In many ways, Buddhism has influenced culture, society and business (the triangle technology-economy-politics) in the industrialised countries of the western hemisphere. Now that I have been meditating and conversing with, and most of all, listening attentively to authentic teachers from Thailand, Singapore, Malaysia and Myanmar, I am able to discern a major difference between the ‘western’ and ‘eastern’ attitude towards the teachings of the Noble One. In order for you, dear reader, to understand what I mean when saying ‘able to discern’ I will simply start with my own experience.
I encountered Buddhism early on. I was about 17 when I first heard about it. It was when I listened to music by Banco de Gaia. I read the back of the CD cover and discovered a paragraph about Tibet’s recent history. The album is called Last Train To Lhasa.
Dhamma books became constant companions in my 20s. That is, in the 2000s. I was something you could call a book stand Buddhist. Knew all the answers. Theoretically, I was already fully enlightened haha 😉 It took about a decade and a lot of dukkha to stop that bullshit. Well, some of my friends would negate I am over it. But what do they know, right?!… ahem.
For those of you who do not know what dukkha means, GIYF. I will just say that it is worth the effort to do some thorough research. Because IMHO, it is a word that could help clear up a lot of delusion and confusion if being integrated into English language.
I was inspired to actually practise when I was 23. It was in Sydney. I had a walk in the Japanese garden near the city harbour and opera hall, yes, the one that looks stylish and futurama. There was a tea ceremony. I took part in it. And something clicked. This happened 3 days or so before my flight back to Vienna.
I started meditating on my own. Read the tibetan book of the dead and didn’t have a clue what it meant. But it was a good read, nevertheless. With a meditation guide book by Anthony Matthews, I took my first steps on the path to liberation. I knew what suffering was. At least I thought so. I have read books about Zen and I can see now what a waste of time that is. But at the time it was just cool, this Zen thing, samurai and shit.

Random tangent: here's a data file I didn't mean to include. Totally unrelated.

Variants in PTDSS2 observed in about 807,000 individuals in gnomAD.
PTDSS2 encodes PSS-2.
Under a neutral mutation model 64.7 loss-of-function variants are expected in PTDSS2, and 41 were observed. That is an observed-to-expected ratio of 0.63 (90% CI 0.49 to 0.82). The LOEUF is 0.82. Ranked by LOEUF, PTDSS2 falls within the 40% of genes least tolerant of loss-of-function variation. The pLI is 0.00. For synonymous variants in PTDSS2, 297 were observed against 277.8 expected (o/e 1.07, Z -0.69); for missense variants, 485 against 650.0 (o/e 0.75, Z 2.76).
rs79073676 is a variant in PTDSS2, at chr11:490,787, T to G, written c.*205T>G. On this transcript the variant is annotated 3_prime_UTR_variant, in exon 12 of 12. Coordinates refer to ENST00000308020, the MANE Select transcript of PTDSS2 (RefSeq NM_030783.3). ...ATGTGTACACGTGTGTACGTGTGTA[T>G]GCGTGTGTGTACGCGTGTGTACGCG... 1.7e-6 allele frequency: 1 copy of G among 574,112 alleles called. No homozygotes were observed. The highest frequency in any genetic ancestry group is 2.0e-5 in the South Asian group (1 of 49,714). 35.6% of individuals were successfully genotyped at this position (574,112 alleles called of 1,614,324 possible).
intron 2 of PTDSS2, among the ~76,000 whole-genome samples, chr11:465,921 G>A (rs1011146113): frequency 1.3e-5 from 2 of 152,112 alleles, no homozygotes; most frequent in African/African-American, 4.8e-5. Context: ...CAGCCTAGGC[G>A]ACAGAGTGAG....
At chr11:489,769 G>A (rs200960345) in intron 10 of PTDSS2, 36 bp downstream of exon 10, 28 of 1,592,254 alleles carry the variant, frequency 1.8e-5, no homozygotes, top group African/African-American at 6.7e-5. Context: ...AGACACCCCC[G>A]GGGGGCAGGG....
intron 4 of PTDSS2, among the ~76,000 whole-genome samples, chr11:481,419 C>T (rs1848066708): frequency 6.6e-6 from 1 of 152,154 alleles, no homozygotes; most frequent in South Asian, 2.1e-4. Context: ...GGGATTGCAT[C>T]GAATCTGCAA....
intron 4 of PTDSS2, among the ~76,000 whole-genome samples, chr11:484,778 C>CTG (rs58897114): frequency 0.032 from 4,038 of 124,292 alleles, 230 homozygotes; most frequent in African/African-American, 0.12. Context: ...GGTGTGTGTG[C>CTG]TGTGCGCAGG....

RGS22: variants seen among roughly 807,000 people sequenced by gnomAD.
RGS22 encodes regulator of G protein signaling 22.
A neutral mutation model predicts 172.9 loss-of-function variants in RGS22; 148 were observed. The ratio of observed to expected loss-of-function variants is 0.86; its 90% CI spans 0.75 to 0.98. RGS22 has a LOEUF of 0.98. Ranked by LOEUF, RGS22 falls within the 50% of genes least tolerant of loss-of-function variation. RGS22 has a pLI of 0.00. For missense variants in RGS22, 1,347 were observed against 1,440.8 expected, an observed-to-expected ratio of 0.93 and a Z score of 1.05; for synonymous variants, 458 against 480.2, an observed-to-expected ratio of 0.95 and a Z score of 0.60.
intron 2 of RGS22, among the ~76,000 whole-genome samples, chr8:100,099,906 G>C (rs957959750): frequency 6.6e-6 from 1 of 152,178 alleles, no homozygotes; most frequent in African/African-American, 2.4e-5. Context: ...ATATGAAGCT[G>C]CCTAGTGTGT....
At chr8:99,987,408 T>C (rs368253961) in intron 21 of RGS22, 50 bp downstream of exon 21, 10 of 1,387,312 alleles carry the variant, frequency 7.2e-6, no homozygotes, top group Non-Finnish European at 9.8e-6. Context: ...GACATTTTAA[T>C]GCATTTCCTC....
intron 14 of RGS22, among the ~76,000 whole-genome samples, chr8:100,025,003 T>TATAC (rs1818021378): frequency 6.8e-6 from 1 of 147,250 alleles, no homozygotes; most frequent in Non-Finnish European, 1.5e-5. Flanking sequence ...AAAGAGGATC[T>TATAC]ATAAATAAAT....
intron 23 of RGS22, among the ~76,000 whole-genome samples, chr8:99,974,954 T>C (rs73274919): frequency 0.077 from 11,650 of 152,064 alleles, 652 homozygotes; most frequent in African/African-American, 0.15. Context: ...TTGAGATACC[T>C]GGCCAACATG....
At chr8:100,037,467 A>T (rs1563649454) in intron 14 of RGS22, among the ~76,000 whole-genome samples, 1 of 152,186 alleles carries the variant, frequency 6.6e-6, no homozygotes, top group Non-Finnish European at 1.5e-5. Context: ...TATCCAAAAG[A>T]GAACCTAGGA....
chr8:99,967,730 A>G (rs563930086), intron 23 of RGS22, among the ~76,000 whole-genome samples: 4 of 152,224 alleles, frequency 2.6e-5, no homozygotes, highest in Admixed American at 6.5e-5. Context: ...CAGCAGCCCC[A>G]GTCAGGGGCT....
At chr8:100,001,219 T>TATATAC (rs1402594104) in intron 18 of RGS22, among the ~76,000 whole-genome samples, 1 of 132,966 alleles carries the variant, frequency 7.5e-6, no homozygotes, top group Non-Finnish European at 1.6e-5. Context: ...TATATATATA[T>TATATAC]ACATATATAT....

My first encounter with institutionalised Buddhism, so to speak, was a Tibetan community (Karma Kagyu Sangha) in Vienna. After sitting and visualising with them – my legs hurt like crazy and I keep asking myself what the fuck am I doing here… yes, I used to talk to me like that, can you imagine?!
After about two years I meditated with dhamma friends at the Interbeing Sangha which is associated with the Vietnamese monk Thich Nhat Hanh. We met once or twice a week as far as i can remember. I stayed with that group for about 2 years as well.
Then I was inclined towards Theravada. Then I found out about S.N. Goenka and the Vipassana tradition. I sat three 10-day retreats at new-year. I have met a Qi Gong master called Genro Laoshi and a Dzogchen master called James Low.
Do you see where this is leading…? You see a pattern here…?
Constantly on the move. Looking for the best… the best technique, the best teacher, the best sangha, the best retreat, the best location, the best experience… hmmm… and not stop for a single moment to realise my own controlessness (new word!) in the process of life flowing on and on. Too preoccupied with how the system of Ajahn This or Master That works or with what Guru This or Teacher That says.
Maybe some of you have experienced something along these lines. Been there. Done that. Eventually, done everything, in other words nothing at all. Like collecting data for a research programme instead of initialising the work within.
Some tune their car and fuel it. Some tune their ego and fuel it. Sprit or spirit, same same.